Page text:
10. Incorporate prior learning as a military medic into the care of patients with actual or potential alterations in nutrition, metabolism, elimination, and integumentary systems.
    *This indicates which end of program student competency that the course competency reflects.

NSG 219   Medical Surgical Nursing I

Description:

Focuses on the application of the core components of nursing practice to adult patients experiencing actual or potential alterations in health. Strengthens the four competencies of nursing practice including human flourishing, nursing judgment, professional identity, and spirit of inquiry and Quality and Safety Education for Nurses (QSEN).  Emphasizes the concepts of nutrition, metabolism, endocrine, elimination, and integumentary.  

Components: Lecture: 4 credit hours (60 contact hours).  Lab/Clinical: 3 credits (135 contact hours).

Pre-requisite: NSG 101 and BIO 139 with a grade of “C” or better

Pre- or Co-requisite:   NSG 212 with a grade of “C” or better and ENG 101

Implementation: Fall 2019

Competencies/Student Outcomes:

Upon completion of this course, the student can:

  1. Interpret assessment data to develop and implement a patient centered plan of care for the adult and gerontologic patient experiencing actual or potential alterations in nutrition, metabolism, elimination, and integumentary. (1A, 3B, 4A)*
  2. Provide safe nursing care while maintaining previously learned skills and acquiring additional essential skills that adhere to evidence based critical criteria. (2B, 2C, 3B, 4A)*
  3. Apply the nursing process as a basis for nursing judgment and the management of care for a minimum of two patients. (1A, 2A, 2C, 3B, 4A)*
  4. Communicate effectively with patients, families, significant others and members of the health care team. (1A, 2B, 3C)*
  5. Translate caring behaviors into nursing practice. (1A, 2B, 3B)*
  6. Demonstrate professional behaviors according to the standards of nursing practice in the delivery of patient care. (2C, 3A, 3B, 3C, 4A, 4B)*
  7. Implement understanding of the teaching-learning processes. (1B, 2A, 4A, 4B)*
  8. Demonstrate teamwork/collaboration with the patient, family, significant others and members of the health care team in the delivery of safe, quality, cost effective health care. (1A, 2B, 2C, 3A, 4A)*
  9. Apply information technology in an ethical and responsible manner to enhance the delivery of safe and quality patient care. (1A, 1B, 2A, 2B, 3A, 3B, 3C, 4A)*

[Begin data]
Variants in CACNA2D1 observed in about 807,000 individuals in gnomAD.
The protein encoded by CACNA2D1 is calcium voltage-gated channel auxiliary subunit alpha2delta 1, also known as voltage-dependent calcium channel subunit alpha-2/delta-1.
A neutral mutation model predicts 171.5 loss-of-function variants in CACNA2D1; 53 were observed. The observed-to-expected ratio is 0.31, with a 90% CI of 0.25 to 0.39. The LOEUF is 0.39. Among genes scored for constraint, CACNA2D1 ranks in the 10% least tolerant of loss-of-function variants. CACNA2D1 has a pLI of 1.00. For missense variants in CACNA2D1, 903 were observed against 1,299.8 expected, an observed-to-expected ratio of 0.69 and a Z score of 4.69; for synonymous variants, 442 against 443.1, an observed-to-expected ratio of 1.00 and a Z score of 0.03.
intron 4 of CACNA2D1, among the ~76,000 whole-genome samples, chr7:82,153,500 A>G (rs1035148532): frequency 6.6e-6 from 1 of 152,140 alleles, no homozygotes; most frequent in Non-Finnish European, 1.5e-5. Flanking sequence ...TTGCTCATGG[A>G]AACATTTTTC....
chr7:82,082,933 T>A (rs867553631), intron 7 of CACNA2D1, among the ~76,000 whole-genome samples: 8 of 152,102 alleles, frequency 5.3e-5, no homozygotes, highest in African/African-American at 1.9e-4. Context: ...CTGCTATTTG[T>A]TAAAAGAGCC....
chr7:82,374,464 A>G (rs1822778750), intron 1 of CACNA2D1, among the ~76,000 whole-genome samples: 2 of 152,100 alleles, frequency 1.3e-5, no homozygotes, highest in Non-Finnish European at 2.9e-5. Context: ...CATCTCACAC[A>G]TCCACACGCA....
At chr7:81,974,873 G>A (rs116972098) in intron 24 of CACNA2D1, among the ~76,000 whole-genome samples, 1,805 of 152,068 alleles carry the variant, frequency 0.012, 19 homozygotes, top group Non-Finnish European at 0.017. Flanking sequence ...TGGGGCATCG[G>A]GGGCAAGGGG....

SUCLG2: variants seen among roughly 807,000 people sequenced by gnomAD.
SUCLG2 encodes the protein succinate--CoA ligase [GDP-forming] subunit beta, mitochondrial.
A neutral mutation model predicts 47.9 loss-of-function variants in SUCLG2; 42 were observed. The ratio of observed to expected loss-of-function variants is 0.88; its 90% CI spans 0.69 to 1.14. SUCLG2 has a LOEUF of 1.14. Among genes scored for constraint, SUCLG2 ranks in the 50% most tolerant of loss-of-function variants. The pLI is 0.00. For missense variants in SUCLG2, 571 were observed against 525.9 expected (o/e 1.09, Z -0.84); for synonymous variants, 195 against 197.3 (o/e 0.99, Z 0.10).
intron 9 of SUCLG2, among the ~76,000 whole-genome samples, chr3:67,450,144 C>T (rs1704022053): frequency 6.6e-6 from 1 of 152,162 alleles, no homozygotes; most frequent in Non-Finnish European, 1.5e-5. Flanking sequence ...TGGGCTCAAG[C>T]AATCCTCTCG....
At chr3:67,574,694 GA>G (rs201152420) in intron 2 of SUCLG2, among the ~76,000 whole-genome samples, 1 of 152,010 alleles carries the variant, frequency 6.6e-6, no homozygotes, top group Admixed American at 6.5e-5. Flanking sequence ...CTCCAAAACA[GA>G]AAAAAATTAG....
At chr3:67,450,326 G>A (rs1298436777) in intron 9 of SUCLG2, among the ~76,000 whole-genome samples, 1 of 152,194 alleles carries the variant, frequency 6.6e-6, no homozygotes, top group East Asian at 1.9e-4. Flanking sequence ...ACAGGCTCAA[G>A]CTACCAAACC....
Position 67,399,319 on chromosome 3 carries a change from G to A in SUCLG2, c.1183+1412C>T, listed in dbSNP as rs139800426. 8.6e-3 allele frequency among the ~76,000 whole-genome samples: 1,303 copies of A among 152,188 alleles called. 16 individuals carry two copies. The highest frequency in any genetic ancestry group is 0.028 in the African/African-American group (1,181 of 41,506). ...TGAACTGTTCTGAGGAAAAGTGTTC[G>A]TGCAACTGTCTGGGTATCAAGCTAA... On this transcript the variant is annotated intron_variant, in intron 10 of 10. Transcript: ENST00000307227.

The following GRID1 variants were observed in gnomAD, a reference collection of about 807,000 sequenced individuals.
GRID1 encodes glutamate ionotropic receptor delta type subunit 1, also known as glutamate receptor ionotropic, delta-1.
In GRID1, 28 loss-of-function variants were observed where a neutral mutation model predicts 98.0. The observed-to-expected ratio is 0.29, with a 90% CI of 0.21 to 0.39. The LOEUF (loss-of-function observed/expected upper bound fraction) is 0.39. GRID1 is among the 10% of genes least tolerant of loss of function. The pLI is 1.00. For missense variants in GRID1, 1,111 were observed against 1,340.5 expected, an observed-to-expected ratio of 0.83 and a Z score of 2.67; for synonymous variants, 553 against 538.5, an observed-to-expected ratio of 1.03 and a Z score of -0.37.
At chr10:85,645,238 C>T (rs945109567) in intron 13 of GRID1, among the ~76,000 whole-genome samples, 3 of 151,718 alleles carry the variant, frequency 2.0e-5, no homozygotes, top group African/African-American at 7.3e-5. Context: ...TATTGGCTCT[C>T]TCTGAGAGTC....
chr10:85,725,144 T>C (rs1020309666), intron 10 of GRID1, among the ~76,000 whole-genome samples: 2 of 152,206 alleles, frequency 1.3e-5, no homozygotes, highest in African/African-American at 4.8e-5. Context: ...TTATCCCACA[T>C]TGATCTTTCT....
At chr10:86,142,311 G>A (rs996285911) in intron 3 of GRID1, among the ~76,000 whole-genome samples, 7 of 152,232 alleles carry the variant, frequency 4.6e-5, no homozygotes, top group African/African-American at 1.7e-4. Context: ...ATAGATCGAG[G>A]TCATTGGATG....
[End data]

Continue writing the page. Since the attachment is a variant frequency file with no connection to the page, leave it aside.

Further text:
*This indicates which end of program student competency that the course competency reflects.

NSG 229   Medical Surgical Nursing II

Description:

Focuses on the application of the core components of nursing practice to adult patients experiencing actual or the potential for alterations in health.  Illustrates the four competencies of nursing practice including human flourishing, nursing judgment, professional identity, and spirit of inquiry and Quality and Safety Education for Nurses (QSEN). Emphasizes the concepts of oxygenation, circulation, perfusion, and activity/exercise.
Components: Lecture: 4 credit hours (60 contact hours).  Lab/Clinical: 3 credit hours (135 contact hours).

Pre-requisite: NSG 219 and NSG 212 with a grade of “C” or higher and ENG 101

Pre – or Co-requisite: NSG 211 and BIO 225 with a grade of “C” or higher

Implementation: Fall 2019

Course Competencies/Student Outcomes:

Upon completion of this course, the student can:

  1. Prioritize assessment data to develop and implement a patient centered plan of care for the adult and gerontologic patient experiencing actual or potential alterations in oxygenation, circulation, perfusion, and activity/exercise. (1A, 3B, 4A)*
  2. Illustrate safe nursing care while maintaining previously learned skills and acquiring additional essential skills that adhere to evidence based critical criteria. (2B, 2C, 3B, 4A)*
  3. Apply the nursing process as a basis for nursing judgment and the management of care for a minimum of three patients. (1A, 2A, 2C, 3B, 4A)*
  4. Demonstrate effective communication with patients, families, significant others and members of the health care team. (1A, 2B, 3C)*
  5. Integrate caring behaviors into nursing practice. (1A, 2B, 3B)*
  6. Employ professional behaviors according to the standards of nursing practice in the delivery of patient care. (2C, 3A, 3B, 3C, 4A, 4B)*
  7. Model understanding of the teaching-learning processes. (1B, 2A, 4A, 4B)*
  8. Participate in a teamwork/collaboration with the patient, family, significant others and members of the health care team in the delivery of safe, quality, cost effective health care. (1A, 2B, 2C, 3A, 4A)*
  9. Analyze information technology in an ethical and responsible manner to enhance the delivery of safe and quality patient care. (1A, 1B, 2A, 2B, 3A, 3B, 3C, 4A)*
    *This indicates which end of program student competency that the course competency reflects.

NSG 239   Medical Surgical Nursing III

Description:

Focuses on the application of the core components of nursing practice to adult patients experiencing actual or the potential for alterations in health. Validates the four competencies of nursing practice including human flourishing, nursing judgment, professional identity, and spirit of inquiry and Quality and Safety Education for Nurses (QSEN).  Emphasizes the concepts of neurological system disorders, eyes/ears problems, immune system dysfunction and cancer, multiple systems organ failure, and disaster planning. Role transition is addressed and emphasizes leadership, management of care, skill development and professionalism. NSG 239 is the capstone course and must be successfully completed in the final semester of the associate degree nursing program enrollment. (201 KAR 20: 320).